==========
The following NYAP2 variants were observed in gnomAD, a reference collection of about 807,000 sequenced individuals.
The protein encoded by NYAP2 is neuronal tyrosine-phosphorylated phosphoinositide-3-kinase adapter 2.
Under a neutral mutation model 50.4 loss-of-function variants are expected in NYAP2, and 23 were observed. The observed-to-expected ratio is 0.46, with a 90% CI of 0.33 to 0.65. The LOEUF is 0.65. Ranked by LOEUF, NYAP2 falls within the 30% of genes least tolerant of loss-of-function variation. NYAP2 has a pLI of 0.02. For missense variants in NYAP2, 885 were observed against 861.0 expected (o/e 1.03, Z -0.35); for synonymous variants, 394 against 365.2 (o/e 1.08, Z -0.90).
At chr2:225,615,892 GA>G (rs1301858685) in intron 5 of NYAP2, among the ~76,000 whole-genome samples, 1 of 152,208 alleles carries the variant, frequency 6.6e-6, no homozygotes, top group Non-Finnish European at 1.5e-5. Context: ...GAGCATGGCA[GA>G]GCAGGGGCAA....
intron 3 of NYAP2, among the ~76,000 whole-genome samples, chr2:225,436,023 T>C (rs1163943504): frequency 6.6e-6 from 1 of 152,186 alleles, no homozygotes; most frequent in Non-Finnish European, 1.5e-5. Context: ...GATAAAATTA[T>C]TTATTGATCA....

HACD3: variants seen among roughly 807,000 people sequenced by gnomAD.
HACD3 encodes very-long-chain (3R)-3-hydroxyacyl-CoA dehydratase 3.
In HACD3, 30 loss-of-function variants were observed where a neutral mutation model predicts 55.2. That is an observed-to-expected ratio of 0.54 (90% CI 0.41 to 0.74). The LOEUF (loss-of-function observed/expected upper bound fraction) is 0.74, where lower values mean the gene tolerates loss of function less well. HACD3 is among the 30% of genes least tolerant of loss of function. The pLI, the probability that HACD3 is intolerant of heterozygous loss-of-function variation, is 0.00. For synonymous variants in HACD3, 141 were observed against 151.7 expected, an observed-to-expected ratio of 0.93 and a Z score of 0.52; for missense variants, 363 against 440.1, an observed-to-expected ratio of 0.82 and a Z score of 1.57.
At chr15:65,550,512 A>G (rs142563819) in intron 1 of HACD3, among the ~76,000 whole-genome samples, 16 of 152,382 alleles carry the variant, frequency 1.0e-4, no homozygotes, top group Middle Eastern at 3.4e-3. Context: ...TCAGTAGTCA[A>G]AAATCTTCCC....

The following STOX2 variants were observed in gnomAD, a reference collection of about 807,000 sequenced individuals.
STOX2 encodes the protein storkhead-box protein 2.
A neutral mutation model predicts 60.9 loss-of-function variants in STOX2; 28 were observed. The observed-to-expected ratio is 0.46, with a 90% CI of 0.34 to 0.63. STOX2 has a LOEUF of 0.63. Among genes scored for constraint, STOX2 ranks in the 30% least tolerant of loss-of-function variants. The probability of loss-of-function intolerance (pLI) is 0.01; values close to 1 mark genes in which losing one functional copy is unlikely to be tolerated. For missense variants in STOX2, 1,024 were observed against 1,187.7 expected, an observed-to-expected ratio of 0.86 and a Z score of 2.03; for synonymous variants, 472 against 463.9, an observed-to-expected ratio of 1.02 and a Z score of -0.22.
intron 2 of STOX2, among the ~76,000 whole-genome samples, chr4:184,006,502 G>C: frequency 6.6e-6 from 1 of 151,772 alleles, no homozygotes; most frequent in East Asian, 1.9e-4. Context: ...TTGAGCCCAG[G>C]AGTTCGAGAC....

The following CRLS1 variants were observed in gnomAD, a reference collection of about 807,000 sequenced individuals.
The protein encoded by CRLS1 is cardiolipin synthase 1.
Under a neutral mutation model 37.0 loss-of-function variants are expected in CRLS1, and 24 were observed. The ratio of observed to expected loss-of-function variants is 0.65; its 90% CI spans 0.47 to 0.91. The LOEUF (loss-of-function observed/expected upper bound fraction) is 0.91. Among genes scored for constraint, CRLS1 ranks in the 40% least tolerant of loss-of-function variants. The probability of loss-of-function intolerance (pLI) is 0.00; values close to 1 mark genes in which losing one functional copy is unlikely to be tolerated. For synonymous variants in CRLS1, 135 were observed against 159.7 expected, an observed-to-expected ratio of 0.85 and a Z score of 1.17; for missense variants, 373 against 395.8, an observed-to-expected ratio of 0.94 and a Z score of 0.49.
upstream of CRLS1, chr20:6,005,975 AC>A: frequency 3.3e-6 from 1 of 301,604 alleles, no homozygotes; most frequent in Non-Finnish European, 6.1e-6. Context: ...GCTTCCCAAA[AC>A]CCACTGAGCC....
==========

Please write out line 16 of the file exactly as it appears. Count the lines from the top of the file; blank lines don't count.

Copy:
Under a neutral mutation model 37.0 loss-of-function variants are expected in CRLS1, and 24 were observed. The ratio of observed to expected loss-of-function variants is 0.65; its 90% CI spans 0.47 to 0.91. The LOEUF (loss-of-function observed/expected upper bound fraction) is 0.91. Among genes scored for constraint, CRLS1 ranks in the 40% least tolerant of loss-of-function variants. The probability of loss-of-function intolerance (pLI) is 0.00; values close to 1 mark genes in which losing one functional copy is unlikely to be tolerated. For synonymous variants in CRLS1, 135 were observed against 159.7 expected, an observed-to-expected ratio of 0.85 and a Z score of 1.17; for missense variants, 373 against 395.8, an observed-to-expected ratio of 0.94 and a Z score of 0.49.